This guide covers the business, educational, and technical aspects of turning your book into an online course using VirversitY online course software. For a much more detailed how to, enroll in the course, “How to Create a Course Using VirversitY”
This guide is divided in the following sections:
Creating an online course with the VirversitY course software takes the same skillset as creating a very basic website using any of the popular webhosting provider's online creation software. Once you become familiar with it, it is easy. Here is what you need:
The more skills you have, the better. If you have the following, you will be very good at creating courses:
An online course is a combination of Internet-based software and content organized in such a way to facilitate learning. There are some really weak "courses" out there which are essentially word documents that "students" download. Then, there are advanced systems such as ours created using modern pedagogical standards for adult learning. We provide the delivery system for your content. Together, we comprise the online course.
(For BooksToCourses.com Instructors) As a general rule-of-thumb, "how to" books and most non-fiction books will work very well as an online course. Non-fiction books such as biographies will not work unless they are of historical figures that people would want to learn all about. For example, nobody wants to take a course of "Bill Smith from Ohio," but they might if the course was "Abe Lincoln: From Lawyer to President." Fictional books generally don't make good courses unless the topic has a strong following, and some aspect of the book can be adapted into a course. One of the greatest examples is taking "Star Trek" (book or movie, it is a work of fiction) and creating a course "Learn Klingon in 21 days." The greater the following the book has, the more leeway you will have in being creative with some ways to turn your book into a course. We will discuss this more in the next section.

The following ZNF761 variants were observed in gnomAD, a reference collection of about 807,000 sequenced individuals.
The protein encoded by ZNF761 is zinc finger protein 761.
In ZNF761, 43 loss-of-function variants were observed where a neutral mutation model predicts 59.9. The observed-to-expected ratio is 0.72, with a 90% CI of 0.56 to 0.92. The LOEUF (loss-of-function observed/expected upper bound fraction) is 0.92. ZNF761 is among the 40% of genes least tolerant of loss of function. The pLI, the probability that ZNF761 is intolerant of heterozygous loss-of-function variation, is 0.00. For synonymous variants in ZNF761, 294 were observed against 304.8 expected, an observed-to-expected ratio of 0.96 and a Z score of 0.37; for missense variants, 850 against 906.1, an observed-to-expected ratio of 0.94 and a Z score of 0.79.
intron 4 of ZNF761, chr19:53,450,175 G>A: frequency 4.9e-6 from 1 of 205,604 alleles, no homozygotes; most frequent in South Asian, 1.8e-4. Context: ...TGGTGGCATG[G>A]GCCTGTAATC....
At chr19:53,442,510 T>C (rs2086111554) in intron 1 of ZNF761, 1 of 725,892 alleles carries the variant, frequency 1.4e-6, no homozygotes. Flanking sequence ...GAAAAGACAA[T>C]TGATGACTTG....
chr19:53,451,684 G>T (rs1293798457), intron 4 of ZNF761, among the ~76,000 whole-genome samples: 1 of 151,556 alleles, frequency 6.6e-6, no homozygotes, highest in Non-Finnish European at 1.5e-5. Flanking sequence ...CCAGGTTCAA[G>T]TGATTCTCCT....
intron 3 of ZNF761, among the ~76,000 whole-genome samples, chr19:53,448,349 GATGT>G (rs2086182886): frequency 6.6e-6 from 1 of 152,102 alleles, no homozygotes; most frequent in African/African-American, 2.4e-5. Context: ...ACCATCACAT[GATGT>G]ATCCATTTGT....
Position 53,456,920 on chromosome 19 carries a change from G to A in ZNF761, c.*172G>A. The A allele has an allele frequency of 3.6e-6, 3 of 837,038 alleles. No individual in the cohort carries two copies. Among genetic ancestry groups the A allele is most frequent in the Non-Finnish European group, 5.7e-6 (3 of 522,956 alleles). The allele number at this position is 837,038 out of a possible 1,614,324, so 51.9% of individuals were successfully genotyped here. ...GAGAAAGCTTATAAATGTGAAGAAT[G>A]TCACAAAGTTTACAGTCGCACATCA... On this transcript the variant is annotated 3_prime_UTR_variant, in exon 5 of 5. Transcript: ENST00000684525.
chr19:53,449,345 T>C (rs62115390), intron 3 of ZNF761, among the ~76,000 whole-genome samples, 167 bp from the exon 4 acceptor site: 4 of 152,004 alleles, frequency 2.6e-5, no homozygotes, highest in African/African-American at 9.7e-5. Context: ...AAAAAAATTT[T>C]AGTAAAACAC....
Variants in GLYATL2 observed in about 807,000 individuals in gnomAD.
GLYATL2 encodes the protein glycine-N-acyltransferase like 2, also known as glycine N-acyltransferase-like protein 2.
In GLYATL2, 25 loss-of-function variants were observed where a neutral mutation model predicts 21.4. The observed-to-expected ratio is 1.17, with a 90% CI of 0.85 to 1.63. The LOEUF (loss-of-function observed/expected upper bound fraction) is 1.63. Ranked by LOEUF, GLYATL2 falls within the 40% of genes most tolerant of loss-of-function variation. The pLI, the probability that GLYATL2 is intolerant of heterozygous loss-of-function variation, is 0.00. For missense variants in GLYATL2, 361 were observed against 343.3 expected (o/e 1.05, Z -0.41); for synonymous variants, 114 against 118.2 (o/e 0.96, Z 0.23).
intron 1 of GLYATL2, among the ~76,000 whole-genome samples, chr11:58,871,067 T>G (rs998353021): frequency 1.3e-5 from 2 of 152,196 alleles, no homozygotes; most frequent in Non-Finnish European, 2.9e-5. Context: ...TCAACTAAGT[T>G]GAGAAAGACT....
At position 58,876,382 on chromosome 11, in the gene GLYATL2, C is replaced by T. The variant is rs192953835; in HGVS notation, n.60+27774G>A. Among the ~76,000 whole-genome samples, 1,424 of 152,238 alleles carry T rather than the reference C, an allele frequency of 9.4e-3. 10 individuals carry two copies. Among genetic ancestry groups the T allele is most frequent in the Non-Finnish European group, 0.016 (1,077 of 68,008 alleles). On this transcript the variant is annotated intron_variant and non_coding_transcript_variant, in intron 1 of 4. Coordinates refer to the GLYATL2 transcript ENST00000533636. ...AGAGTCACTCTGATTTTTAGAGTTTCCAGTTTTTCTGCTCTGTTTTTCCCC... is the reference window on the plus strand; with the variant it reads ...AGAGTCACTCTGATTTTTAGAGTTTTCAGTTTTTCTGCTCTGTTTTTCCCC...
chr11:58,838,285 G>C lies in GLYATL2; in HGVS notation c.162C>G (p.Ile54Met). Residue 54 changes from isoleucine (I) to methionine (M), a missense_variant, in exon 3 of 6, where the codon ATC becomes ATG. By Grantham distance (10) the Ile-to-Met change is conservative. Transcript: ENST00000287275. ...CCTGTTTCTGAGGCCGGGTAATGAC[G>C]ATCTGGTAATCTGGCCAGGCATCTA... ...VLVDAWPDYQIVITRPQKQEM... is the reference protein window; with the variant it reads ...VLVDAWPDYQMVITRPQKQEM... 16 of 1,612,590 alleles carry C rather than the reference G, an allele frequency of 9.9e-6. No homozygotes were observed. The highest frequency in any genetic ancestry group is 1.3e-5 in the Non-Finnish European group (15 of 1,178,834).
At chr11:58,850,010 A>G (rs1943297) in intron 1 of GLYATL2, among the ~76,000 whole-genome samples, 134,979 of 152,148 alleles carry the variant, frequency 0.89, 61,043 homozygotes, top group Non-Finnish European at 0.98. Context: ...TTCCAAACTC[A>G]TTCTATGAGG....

There are perhaps hundreds of thousands of online courses, and many of them are free. So you need to ask yourself why someone would want to take your course? Keep this question in the back of your head because it will be helpful when you start creating the content for the course, choosing the options, and writing the marketing information.
This is a unique role that is usually filled by the instructor—it is the person who designs and creates the course. However, it can be a third party. Course architects could work "on spec," that is, design your course for an agreed upon share in the enrollment fees. Our system is set up to accommodate this arrangement. Once the architect does his or her job, he or she turns over the metaphorical keys to the instructor, who just works with the students.
Imagine learning an entire college course in just minutes a day by e-mail. This is the passive microlearning course option. "Passive" refers to the fact that the student is not required to interact with the course software, the instructor, or other students. Like reading a book, in a passive course the student simply ingests the content on his or her own. The lesson content is sent directly to the user via e-mail, and is limited to HTML e-mail and a single (optional) video. The e-mail links to the course page where the students can watch the video and discuss the lesson in the discussion area (again, this discussion is optional for the student). The "microlearning" refers to the amount of information that is sent each day. It is suggested that no more than a few minutes of reading for each lesson. This is a very easy option for the instructor when it comes to course creation, and easy for the student to make the commitment to take the course. On the downside, it is not interactive—and this is where many people find the most value in online courses. With that in mind, some courses work best as passive microlearning courses.